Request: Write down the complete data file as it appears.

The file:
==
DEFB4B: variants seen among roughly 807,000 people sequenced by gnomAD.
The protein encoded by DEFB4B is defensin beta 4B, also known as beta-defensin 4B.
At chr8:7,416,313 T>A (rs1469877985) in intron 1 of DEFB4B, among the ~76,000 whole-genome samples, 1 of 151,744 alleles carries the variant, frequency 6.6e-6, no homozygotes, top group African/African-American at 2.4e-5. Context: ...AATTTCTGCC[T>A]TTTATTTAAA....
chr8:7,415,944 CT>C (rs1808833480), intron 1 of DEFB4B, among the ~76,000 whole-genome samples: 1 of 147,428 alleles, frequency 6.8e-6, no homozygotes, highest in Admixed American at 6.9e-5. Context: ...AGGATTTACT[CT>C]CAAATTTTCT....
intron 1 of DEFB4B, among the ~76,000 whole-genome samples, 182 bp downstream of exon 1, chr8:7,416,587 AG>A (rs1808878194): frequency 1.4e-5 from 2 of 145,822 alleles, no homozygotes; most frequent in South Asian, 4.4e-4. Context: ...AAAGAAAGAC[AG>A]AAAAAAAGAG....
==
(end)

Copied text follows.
DEFB4B: variants seen among roughly 807,000 people sequenced by gnomAD.
The protein encoded by DEFB4B is defensin beta 4B, also known as beta-defensin 4B.
At chr8:7,416,313 T>A (rs1469877985) in intron 1 of DEFB4B, among the ~76,000 whole-genome samples, 1 of 151,744 alleles carries the variant, frequency 6.6e-6, no homozygotes, top group African/African-American at 2.4e-5. Context: ...AATTTCTGCC[T>A]TTTATTTAAA....
chr8:7,415,944 CT>C (rs1808833480), intron 1 of DEFB4B, among the ~76,000 whole-genome samples: 1 of 147,428 alleles, frequency 6.8e-6, no homozygotes, highest in Admixed American at 6.9e-5. Context: ...AGGATTTACT[CT>C]CAAATTTTCT....
intron 1 of DEFB4B, among the ~76,000 whole-genome samples, 182 bp downstream of exon 1, chr8:7,416,587 AG>A (rs1808878194): frequency 1.4e-5 from 2 of 145,822 alleles, no homozygotes; most frequent in South Asian, 4.4e-4. Context: ...AAAGAAAGAC[AG>A]AAAAAAAGAG....